A few days ago I blogged about the new version of XenServer Workload Balancing 6.5 and highlighted some features that I thought were particularly interesting for XenDesktop and XenApp users to explore.
In my last blog post (which you can read here), I covered how the recent release of a new version of XenServer 6.5 and a new version of WLB adds more functionality, a better user interface, improved auditing functionality and changes in licensing that make it relevant to more users on the XenServer platform including those using Citrix XenDesktop, HDX and XenApp.
Licensing changes mean this product is now available for XenDesktop and XenApp customers for FREE. I’m really excited about this product and since its release have had a few ideas of use cases where I think it could solve some problems I’ve seen in the field, questions a system administrator may need to answer:
Can I use WLB for General Administration and Maintenance Tasks?
Yes you can and some administrators are already doing this, using WLB to control which hosts are involved in migrations, XenDesktop user Siva Mulpuru sometimes posts tips regarding how to use WLB to do this, you can read more on his blog, here.
Can I prove to the budget owner that yes I need a bigger hardware budget?
The historical reports WLB can generate in management ready .pdf format or as raw excel data for further analysis and graphing; Allowing administrators to easily highlight where their farms are reaching capacity and the business case for additional hardware and infrastructure changes.
Which department is using our hardware and network capacity and should they pay for that use?
Many of our enterprise customers are extremely large organisations, some with more than 500000+ employees and numerous divisions and budgets. The chargeback capabilities of WLB enable companies that need to manage internal accounting and budgets to internally invoice based on a number of system resources.
Is there any evidence Tony from Finance actually spends all day watching Golf on YouTube, as we have all long suspected?
WLB is very good at highlighting abnormal VDI resource usage, if Tony really should be using Excel and Outlook most of the time and his CPU and network usage suggests otherwise it can be a useful tool to give Tony a subtle hint!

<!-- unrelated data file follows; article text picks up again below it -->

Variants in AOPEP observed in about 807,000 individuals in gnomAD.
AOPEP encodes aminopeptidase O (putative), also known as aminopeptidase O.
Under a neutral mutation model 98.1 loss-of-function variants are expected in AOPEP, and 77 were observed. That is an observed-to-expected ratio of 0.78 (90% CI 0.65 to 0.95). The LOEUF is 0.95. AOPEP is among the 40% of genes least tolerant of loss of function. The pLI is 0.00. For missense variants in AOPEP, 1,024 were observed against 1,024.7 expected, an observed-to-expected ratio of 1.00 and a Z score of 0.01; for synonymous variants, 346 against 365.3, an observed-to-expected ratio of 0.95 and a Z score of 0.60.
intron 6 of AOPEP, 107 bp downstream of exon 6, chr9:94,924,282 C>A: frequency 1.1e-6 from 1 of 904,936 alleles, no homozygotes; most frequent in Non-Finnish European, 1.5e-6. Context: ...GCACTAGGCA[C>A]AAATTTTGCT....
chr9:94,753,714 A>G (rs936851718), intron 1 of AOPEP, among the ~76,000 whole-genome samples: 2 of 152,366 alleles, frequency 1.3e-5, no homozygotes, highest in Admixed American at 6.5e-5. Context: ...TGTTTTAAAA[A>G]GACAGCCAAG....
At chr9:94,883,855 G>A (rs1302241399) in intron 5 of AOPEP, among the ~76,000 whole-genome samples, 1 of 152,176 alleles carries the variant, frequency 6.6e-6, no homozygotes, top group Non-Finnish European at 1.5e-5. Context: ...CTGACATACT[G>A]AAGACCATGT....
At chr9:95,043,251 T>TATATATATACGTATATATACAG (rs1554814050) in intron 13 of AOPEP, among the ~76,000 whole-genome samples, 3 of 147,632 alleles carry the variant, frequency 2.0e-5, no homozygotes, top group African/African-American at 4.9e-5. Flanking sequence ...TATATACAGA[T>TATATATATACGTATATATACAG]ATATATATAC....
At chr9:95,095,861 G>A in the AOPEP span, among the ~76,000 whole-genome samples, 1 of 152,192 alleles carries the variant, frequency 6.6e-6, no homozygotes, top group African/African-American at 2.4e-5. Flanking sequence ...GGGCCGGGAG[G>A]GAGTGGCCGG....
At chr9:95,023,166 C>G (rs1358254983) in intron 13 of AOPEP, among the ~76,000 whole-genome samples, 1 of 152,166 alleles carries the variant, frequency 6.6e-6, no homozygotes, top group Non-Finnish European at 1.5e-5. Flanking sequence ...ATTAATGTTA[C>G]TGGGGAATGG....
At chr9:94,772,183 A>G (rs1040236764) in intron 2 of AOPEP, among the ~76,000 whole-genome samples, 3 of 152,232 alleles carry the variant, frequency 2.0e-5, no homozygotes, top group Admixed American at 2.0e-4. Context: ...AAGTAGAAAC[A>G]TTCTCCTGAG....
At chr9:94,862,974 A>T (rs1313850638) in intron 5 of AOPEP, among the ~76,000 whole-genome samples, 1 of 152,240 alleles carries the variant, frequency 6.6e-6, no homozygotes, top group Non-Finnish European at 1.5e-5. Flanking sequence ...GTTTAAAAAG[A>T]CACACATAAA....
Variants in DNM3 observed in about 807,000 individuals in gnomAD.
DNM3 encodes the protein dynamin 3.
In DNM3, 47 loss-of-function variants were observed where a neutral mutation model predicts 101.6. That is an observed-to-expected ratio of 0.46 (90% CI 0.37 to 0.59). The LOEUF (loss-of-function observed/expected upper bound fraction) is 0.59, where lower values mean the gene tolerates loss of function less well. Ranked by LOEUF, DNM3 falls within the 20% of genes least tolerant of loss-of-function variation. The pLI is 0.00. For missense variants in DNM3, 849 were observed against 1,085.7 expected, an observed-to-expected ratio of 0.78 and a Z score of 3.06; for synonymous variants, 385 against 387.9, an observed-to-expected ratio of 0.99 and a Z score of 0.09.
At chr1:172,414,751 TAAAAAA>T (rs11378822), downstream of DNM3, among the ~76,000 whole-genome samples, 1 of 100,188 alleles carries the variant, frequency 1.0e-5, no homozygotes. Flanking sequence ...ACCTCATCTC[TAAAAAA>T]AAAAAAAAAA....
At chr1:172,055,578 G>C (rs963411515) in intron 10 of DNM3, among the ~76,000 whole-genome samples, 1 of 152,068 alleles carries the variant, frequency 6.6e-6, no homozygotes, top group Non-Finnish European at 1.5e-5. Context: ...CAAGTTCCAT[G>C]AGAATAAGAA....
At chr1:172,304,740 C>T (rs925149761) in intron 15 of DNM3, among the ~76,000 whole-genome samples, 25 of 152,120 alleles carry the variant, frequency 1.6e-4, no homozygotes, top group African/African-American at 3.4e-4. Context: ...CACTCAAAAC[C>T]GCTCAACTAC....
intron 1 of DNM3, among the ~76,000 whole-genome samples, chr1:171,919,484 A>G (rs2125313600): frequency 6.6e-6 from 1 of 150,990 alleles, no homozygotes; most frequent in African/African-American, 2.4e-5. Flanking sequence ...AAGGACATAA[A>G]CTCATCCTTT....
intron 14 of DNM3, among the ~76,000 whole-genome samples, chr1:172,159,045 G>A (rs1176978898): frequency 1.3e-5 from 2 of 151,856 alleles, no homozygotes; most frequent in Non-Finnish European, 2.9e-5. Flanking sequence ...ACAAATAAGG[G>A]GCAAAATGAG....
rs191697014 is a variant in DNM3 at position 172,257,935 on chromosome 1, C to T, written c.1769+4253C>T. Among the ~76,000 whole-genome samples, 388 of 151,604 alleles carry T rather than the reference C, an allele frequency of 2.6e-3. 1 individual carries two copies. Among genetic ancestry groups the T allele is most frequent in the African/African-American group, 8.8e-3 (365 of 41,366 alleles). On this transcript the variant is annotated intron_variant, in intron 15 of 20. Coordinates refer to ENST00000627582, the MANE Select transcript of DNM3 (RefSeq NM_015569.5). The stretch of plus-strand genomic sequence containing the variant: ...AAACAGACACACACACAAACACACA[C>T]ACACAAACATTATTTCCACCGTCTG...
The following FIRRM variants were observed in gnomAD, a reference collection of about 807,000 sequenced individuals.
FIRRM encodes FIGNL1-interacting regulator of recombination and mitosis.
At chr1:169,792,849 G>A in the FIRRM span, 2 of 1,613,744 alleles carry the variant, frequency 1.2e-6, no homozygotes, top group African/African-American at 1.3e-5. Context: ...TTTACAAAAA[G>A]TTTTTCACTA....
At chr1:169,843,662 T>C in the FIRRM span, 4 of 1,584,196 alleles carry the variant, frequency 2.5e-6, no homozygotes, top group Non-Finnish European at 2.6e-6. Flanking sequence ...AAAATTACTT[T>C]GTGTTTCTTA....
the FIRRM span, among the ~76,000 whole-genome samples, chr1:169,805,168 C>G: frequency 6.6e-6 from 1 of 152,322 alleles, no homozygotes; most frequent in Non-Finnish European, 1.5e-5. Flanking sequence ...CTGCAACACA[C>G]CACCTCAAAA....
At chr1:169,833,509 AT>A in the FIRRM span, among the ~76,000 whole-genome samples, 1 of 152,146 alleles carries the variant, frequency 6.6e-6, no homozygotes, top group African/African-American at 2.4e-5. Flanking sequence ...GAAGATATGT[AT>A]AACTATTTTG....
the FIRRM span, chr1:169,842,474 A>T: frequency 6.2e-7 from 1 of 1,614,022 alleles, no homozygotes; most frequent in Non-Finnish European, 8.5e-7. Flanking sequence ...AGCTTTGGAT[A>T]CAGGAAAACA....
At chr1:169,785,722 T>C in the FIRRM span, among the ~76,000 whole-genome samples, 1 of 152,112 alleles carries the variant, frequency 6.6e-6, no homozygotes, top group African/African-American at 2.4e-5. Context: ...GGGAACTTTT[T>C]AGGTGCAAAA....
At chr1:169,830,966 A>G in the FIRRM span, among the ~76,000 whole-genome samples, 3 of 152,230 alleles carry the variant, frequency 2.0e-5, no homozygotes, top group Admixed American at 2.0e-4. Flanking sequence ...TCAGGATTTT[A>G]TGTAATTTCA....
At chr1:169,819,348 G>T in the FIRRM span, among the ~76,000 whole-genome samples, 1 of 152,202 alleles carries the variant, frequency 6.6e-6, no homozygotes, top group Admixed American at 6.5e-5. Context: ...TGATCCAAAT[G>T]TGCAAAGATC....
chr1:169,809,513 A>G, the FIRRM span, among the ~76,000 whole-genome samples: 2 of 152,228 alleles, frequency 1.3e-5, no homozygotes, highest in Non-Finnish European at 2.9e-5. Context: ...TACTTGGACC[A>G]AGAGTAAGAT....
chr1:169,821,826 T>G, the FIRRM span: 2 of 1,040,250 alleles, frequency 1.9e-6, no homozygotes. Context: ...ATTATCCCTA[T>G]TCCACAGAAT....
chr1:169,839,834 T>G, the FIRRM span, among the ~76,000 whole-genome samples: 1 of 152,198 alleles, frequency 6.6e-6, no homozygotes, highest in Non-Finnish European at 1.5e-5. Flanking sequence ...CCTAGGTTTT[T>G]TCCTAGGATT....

How can the farm stay stable when someone sends out corporate video to the entire company?
XenApp administrators fairly often see a scenario where their users come in at the start of day and then logon, check their email, go have a coffee, do a bit editing of a word document, then at 11 o’clock half the company logs on to a video intensive management webinar. This can cause a “storm” on the server resource. WLB can help in a number of ways:
- Alert the administrator to the fact resource has surged
- Make recommendations as to how a user can move VMs around to mitigate
- Automate the moving of those VMs around to spread the load as best as possible
- WLB allows administrators to keep spare capacity on powered off servers saving power and reducing TCO and bring those servers into use as demand rises
It’s worth noting that XenApp users can ensure new users logging on are allocated to VMs with the maximum available capacity based on a number of optional parameters (find out more, here).
Can I save the planet?
The power management capability of WLB allows VMs to be placed maximising server density and allow spare capacity to be put onto servers that will power off. Saving power, cutting electricity bills (and costs) and, of course, helping a little to save the planet by making your farm more environmentally friendly!
Is today normal for MY XenDesktop/Xenapp farm?
Many XenDesktop and XenApp installations have normal daily usage patterns. WLB has some capacity to raise alerts, recommendations and take corrective actions based on historical trends from the individual farm in which it is installed. I recommend reading the section 184.108.40.206.1 on this in the User Guide around the case study describing a normal “Thursday”….
- For example, if the CPU utilization on the host exceeds the High threshold at 12:02 PM on Thursday, Workload Balancing checks the data utilization at 11:32 AM on Thursday, and at 12:02PM on Wednesday (the previous day). If the CPU utilization is 80.1% at 12:02 PM, but only 50% at 11:32AM, and 78% at 12:32 PM on Wednesday, Workload Balancing does not make a recommendation. This is because the historically averaged utilization is 72.47%, so Workload Balancing assumes the utilization is a temporary spike. However, if the CPU utilization was 78% at 11:32AM, Workload Balancing would make a recommendation since the historically averaged utilization is 80.1%.
This type of trend based alert helps admins handle known temporary peaks in demand such as the 9am logon bootstorm.
How can I better handle staff turnover?
You find a brilliant system administrator, they are trained up and understand your farm and usage well – and then they quit and leave! The history retained by WLB and the ability to configure thresholds to raise alerts can help you train new staff on the specifics of your farm whilst allowing expertly tuned thresholds to be retained that can alert less-experienced staff to problems.
- If you have any questions do post on our XenServer forums, where developers, support and product management as well as existing users can comment and answer questions, just post here.
- Citrix XenServer Workload Balancing 6.5 Quick Start Guide: http://support.citrix.com/article/CTX141852
- Citrix XenServer Workload Balancing 6.5 User Guide: http://support.citrix.com/article/CTX141853
- Upgrading to Citrix XenServer Workload Balancing 6.5: http://support.citrix.com/article/CTX141838